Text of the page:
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|Haiti - From Disaster Aid to Solidarity|
Following Haiti’s devastating earthquake in January, a multitude of grassroots relief initiatives have emerged. These local responses reflect philosophies of solidarity, mutual aid and collective resilience, offering a different vision of what ‘humanitarian’ means, says a report by Other Worlds.
29th July 2010 - Published by Other Worlds
At the request of the Platform to Advocate Alternative Development in Haiti (PAPDA), Other Worlds has produced a new report, "From Disaster Aid to Solidarity: Best Practices in Meeting the Needs of Haiti’s Earthquake Survivors." Written by Other Worlds Coordinator Beverly Bell, "From Disaster Aid to Solidarity" documents the problems with the international aid and reconstruction efforts in Haiti, and presents innovative alternative models of humanitarian relief.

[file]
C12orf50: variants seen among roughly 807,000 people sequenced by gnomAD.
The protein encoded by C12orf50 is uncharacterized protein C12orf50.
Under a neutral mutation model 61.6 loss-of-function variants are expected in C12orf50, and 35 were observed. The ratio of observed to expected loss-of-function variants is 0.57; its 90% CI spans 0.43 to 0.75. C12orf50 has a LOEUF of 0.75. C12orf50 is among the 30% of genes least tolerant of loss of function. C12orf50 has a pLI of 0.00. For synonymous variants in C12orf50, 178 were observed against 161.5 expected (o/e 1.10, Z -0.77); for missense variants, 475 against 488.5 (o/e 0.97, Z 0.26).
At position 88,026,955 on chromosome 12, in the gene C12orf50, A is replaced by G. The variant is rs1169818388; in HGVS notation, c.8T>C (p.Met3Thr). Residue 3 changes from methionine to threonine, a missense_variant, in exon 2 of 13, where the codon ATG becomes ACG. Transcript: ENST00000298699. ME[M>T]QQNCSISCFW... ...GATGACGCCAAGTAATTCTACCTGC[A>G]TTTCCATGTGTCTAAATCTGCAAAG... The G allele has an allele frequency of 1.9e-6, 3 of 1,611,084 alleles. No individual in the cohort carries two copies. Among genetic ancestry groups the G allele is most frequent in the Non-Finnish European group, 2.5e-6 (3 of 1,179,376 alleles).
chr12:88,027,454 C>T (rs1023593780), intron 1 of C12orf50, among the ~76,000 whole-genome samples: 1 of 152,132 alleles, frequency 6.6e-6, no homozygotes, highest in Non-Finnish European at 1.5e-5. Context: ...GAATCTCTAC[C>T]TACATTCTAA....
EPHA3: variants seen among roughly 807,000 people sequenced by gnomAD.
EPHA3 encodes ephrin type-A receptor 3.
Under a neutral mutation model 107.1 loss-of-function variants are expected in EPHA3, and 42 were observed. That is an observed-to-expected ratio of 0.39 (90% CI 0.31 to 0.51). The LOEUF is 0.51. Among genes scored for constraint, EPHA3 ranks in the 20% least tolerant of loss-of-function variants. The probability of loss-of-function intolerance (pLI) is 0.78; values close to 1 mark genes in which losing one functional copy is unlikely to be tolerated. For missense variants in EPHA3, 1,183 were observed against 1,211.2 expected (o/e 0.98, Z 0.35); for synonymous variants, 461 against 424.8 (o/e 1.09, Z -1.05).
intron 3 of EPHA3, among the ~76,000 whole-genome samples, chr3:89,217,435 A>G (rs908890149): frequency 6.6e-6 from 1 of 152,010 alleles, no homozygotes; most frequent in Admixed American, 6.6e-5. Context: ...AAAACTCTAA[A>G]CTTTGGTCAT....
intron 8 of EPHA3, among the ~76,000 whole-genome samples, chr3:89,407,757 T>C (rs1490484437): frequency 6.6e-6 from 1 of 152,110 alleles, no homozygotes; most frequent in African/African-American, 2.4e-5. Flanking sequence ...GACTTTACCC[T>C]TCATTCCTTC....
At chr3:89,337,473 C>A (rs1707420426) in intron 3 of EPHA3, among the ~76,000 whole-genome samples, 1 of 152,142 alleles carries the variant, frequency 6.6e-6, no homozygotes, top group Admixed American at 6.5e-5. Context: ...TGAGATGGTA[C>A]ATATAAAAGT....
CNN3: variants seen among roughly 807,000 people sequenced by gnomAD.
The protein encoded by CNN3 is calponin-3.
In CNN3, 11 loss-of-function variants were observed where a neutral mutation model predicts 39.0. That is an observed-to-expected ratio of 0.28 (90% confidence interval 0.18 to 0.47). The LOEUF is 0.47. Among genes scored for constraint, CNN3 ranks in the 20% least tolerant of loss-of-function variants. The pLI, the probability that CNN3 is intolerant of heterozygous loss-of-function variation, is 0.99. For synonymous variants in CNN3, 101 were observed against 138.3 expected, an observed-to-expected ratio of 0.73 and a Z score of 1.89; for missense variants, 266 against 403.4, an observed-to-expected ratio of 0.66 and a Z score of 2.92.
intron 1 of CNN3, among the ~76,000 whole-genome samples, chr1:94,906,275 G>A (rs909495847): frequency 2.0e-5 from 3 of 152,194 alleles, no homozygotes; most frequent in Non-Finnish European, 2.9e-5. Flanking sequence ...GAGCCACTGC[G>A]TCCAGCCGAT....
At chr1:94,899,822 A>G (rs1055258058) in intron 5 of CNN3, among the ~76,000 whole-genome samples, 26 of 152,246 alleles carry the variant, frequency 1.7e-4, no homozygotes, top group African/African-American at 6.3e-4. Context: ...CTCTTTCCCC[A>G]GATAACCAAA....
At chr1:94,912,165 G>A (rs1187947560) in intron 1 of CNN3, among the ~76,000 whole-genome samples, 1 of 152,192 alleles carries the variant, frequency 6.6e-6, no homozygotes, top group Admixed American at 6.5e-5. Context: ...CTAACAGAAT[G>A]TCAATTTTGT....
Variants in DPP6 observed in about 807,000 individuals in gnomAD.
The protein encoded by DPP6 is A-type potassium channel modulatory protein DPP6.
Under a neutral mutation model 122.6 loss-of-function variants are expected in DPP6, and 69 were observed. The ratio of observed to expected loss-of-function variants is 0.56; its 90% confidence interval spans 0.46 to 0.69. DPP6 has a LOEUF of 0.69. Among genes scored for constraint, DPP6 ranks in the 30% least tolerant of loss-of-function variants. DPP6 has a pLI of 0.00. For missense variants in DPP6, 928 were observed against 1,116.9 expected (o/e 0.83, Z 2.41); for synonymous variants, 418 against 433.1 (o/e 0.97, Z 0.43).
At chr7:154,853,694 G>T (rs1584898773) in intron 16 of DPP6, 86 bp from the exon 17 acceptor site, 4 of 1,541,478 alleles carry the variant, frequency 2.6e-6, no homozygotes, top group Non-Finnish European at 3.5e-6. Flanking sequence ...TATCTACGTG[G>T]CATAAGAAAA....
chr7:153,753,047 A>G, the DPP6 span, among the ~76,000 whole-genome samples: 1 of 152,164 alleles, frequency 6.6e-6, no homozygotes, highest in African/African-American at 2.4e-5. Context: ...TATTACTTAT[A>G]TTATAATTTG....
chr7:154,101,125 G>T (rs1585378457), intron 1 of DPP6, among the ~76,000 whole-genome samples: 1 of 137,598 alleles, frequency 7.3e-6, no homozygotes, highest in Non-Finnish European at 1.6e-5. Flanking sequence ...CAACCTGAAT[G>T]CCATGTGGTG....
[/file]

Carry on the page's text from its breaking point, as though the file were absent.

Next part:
From the executive summary:
The international response to Haiti’s earthquake, involving billions
of dollars and led by the U.S. and U.N., comes with many problems.
Notable ones are control of aid dollars, imposition of economic
reconstruction plans, and militarism. Moreover, the Haitian state and
grassroots have largely been denied formal opportunities to shape, or
even engage in, the process. Nevertheless, ordinary Haitian citizens are
engaged in their own humanitarian aid. With no more than their own
hands, their slim resources, and their commitment to community, citizens
have comprised the bulk of search-and-rescue teams, first responders,
and ongoing aid providers. Behind the gestures are philosophies of
solidarity, mutual aid, collective resilience, and resourcefulness.
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